Aside from these inequities, the test's great weakness is that it is so vague and multifaceted that the temptation to manipulate it to reach a desired result can be overwhelming. Witness the result in Leir. While their negligence was deplorable, can anyone seriously contend that social workers do not exercise discretion? Also, the result in Krugerdriving a state car on state time is a ministerial function. Can driving a car be considered "ministerial" as *856 that word has heretofore been used in the law?

Prior to Sioux Falls Construction this court applied a simple, straight-forward test to determine if the doctrine appliedwas the employee acting within the scope of his employment when the injury occurred? Aside from its simplicity, this test treats all governmental employees the same, regardless of their position and earnings. The discretionary test will, in my opinion, lead this court into a quagmire and allow personal liability actions against those least able to pay.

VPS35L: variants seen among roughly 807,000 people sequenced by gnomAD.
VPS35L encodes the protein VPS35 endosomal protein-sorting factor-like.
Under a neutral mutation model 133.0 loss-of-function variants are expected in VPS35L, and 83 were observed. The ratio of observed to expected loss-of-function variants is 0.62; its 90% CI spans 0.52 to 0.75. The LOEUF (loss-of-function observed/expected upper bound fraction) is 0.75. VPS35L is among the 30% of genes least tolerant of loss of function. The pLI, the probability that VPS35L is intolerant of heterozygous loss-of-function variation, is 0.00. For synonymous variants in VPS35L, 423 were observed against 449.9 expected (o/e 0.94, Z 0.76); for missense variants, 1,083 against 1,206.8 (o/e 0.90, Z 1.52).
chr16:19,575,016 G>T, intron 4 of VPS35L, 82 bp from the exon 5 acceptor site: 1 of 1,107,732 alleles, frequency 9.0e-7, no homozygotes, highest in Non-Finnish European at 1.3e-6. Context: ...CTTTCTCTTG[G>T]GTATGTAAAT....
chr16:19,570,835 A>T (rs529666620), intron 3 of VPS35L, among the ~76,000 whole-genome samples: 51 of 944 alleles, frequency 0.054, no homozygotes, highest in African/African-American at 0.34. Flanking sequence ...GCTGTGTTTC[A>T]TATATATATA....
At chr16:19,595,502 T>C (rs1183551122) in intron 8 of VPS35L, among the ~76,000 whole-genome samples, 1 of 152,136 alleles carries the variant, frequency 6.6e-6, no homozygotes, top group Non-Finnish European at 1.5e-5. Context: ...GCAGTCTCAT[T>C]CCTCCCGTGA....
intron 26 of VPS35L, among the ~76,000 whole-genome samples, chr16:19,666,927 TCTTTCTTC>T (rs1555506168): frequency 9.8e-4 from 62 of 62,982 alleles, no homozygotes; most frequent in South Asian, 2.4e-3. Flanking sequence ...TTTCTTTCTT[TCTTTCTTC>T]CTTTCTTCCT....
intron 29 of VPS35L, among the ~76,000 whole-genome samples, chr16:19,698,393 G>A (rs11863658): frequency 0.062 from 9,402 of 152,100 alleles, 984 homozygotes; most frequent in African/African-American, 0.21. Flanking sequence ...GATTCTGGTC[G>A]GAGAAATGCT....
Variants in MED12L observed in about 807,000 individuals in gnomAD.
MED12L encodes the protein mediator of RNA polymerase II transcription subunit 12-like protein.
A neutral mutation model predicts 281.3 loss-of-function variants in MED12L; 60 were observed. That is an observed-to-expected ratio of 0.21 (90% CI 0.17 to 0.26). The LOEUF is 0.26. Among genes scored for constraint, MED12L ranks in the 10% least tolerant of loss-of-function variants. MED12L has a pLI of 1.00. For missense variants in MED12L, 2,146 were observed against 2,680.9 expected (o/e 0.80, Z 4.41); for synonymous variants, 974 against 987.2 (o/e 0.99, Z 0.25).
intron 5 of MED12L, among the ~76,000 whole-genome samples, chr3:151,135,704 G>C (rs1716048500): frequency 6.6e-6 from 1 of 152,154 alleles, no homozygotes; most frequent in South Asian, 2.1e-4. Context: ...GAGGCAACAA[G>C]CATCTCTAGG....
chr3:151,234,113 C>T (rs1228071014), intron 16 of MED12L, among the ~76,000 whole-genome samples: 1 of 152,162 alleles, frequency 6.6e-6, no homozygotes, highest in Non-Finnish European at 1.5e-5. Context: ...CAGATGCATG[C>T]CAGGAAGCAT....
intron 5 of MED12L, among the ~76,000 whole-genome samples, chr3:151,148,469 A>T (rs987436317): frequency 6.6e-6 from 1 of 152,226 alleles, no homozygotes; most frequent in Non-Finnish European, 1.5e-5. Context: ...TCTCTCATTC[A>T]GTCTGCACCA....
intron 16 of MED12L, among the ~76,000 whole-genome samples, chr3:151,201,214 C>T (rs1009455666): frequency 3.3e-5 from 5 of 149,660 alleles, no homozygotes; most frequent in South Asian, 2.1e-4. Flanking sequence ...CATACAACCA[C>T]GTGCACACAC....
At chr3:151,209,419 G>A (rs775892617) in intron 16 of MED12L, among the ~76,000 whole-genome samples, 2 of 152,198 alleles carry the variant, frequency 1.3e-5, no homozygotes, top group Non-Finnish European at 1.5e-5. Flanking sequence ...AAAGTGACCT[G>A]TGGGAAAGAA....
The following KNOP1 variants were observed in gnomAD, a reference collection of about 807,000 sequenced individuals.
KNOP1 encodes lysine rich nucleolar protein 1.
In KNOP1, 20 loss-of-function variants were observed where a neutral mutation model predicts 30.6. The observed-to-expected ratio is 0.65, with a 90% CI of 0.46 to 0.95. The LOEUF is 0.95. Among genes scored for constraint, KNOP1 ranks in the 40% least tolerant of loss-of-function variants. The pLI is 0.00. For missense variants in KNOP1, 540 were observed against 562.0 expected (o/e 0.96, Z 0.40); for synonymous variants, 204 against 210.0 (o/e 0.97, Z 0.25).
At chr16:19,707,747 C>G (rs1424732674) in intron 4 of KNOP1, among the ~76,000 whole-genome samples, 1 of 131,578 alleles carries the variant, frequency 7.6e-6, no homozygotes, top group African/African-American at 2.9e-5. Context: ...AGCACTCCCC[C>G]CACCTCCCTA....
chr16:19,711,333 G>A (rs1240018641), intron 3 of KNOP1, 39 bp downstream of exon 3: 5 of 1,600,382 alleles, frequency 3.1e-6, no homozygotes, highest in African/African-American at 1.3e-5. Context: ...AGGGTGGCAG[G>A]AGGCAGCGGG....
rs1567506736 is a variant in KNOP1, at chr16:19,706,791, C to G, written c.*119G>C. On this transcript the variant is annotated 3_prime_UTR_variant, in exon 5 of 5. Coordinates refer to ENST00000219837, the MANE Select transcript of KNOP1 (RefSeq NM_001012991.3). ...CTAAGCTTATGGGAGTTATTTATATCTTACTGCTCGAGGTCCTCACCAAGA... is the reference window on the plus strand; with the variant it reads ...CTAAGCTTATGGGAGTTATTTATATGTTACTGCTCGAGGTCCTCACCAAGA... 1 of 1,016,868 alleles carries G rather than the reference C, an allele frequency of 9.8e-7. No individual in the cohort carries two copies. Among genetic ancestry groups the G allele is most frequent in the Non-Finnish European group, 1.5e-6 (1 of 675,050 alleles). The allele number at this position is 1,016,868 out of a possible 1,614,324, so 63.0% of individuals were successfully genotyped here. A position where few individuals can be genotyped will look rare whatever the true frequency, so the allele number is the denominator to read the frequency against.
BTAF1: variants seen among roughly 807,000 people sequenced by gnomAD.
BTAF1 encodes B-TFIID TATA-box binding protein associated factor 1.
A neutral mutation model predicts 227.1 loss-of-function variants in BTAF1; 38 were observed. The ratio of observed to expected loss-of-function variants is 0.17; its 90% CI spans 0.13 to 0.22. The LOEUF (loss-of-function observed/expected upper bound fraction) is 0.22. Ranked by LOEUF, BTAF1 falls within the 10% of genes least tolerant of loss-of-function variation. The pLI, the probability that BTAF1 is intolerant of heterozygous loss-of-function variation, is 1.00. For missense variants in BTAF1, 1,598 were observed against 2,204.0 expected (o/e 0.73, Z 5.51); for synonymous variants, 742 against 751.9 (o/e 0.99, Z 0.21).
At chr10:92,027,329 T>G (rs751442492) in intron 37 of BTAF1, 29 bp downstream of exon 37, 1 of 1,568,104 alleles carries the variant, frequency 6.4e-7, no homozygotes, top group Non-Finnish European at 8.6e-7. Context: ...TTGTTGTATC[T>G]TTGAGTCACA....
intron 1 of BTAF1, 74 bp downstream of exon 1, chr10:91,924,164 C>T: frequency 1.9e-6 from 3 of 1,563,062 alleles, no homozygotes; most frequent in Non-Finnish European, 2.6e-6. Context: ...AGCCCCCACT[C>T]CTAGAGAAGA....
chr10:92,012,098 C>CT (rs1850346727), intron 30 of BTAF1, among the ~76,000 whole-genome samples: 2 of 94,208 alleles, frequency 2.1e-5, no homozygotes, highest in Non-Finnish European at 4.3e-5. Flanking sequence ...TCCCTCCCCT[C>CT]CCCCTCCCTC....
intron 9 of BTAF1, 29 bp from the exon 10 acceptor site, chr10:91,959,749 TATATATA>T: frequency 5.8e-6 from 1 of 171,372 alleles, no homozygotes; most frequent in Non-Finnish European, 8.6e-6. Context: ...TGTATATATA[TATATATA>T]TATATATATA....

I would affirm the summary judgments entered in Kruger and Leir.


[1] Compare, in Peters v. State, 66 Mich.App. 560, 239 N.W.2d 662 (1976), the Michigan Appellate Court held the state was immune from liability for injuries sustained by a driver and passenger of an automobile owned and driven by a state employee on official business. In Peters, the suit sought recovery from the state, whereas in the present case, the suit seeks recovery from the employee who allegedly negligently drove the automobile.